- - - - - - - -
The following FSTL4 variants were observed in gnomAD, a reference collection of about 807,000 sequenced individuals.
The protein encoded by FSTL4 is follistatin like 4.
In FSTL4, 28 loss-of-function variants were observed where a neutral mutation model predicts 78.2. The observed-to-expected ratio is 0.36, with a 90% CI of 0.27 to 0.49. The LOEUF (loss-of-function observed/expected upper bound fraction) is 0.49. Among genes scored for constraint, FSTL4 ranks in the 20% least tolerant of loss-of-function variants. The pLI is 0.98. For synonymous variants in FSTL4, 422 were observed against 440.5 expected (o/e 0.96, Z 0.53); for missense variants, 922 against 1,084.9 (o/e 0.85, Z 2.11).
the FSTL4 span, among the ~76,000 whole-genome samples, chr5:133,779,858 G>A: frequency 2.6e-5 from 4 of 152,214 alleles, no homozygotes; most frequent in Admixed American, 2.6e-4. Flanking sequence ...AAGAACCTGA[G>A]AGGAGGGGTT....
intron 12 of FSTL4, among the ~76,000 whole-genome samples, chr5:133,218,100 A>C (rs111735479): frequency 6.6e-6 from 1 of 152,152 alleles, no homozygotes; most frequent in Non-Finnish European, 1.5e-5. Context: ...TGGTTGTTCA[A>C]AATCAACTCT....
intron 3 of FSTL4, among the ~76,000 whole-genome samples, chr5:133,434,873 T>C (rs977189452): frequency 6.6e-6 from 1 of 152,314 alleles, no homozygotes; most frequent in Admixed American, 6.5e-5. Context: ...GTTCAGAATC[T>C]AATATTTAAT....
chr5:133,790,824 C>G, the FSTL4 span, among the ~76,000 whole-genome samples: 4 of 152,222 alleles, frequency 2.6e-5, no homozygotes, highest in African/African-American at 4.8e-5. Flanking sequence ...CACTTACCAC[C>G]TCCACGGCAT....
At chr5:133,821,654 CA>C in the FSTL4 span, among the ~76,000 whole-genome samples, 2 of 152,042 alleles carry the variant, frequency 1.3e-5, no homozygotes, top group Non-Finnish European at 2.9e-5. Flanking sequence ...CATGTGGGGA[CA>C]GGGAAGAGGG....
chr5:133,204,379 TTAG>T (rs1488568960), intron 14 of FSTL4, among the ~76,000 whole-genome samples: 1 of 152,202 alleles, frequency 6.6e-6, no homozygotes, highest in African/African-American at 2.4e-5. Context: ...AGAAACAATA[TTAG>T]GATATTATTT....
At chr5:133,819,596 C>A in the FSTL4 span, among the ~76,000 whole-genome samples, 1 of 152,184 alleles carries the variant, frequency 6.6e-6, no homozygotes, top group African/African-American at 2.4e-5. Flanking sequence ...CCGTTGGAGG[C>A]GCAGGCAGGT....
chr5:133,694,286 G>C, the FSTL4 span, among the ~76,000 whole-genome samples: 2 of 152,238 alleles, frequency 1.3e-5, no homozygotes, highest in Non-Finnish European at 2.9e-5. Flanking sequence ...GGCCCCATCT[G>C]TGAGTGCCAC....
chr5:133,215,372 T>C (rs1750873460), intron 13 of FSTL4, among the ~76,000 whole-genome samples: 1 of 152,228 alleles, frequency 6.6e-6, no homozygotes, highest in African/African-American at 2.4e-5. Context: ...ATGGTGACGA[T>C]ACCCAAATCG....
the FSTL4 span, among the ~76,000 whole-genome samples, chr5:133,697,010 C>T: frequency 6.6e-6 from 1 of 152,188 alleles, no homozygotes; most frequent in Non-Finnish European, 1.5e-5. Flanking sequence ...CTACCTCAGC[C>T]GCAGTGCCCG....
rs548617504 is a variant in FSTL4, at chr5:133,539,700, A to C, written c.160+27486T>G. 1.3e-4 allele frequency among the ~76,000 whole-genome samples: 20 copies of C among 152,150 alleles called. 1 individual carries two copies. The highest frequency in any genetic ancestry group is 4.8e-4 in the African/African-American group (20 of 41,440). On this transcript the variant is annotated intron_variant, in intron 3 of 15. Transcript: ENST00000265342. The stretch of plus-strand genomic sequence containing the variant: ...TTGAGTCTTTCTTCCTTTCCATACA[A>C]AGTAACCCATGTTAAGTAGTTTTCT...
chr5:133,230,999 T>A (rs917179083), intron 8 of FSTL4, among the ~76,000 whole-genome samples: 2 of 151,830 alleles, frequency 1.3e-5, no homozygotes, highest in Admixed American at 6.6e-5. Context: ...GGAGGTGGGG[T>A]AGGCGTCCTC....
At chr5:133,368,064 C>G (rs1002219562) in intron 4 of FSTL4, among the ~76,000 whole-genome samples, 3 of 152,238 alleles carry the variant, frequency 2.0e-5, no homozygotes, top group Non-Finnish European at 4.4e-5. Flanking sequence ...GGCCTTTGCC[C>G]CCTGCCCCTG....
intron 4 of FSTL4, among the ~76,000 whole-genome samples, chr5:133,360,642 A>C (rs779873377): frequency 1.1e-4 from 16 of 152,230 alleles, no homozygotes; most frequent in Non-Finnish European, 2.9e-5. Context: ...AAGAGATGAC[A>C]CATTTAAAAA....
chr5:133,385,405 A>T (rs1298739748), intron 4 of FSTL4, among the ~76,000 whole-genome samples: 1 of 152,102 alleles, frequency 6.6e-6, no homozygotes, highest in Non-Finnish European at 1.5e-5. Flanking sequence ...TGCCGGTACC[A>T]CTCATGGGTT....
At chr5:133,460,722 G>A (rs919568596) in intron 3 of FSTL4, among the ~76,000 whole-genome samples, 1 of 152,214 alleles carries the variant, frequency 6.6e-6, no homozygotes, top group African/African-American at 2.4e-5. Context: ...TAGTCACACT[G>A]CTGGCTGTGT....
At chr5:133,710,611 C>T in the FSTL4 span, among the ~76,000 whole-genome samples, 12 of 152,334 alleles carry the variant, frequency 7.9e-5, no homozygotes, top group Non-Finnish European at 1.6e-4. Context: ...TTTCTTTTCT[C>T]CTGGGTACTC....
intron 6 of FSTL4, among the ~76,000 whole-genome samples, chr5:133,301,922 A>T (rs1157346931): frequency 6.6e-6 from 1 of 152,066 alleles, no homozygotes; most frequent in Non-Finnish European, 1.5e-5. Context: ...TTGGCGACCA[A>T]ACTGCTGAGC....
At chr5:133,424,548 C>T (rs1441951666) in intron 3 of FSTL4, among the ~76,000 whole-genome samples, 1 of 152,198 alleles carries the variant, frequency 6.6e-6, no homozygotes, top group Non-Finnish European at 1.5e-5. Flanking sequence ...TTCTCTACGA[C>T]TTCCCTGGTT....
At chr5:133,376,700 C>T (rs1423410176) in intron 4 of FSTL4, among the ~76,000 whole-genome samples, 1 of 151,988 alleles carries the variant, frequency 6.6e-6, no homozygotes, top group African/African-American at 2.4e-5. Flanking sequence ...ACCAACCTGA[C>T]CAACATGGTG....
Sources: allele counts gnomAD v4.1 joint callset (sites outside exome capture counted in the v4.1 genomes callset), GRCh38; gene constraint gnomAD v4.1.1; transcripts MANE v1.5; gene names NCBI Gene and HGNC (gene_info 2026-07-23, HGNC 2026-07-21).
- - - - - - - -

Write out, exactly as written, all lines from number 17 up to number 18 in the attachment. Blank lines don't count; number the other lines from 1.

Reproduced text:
intron 4 of FSTL4, among the ~76,000 whole-genome samples, chr5:133,360,642 A>C (rs779873377): frequency 1.1e-4 from 16 of 152,230 alleles, no homozygotes; most frequent in Non-Finnish European, 2.9e-5. Context: ...AAGAGATGAC[A>C]CATTTAAAAA....
chr5:133,385,405 A>T (rs1298739748), intron 4 of FSTL4, among the ~76,000 whole-genome samples: 1 of 152,102 alleles, frequency 6.6e-6, no homozygotes, highest in Non-Finnish European at 1.5e-5. Flanking sequence ...TGCCGGTACC[A>T]CTCATGGGTT....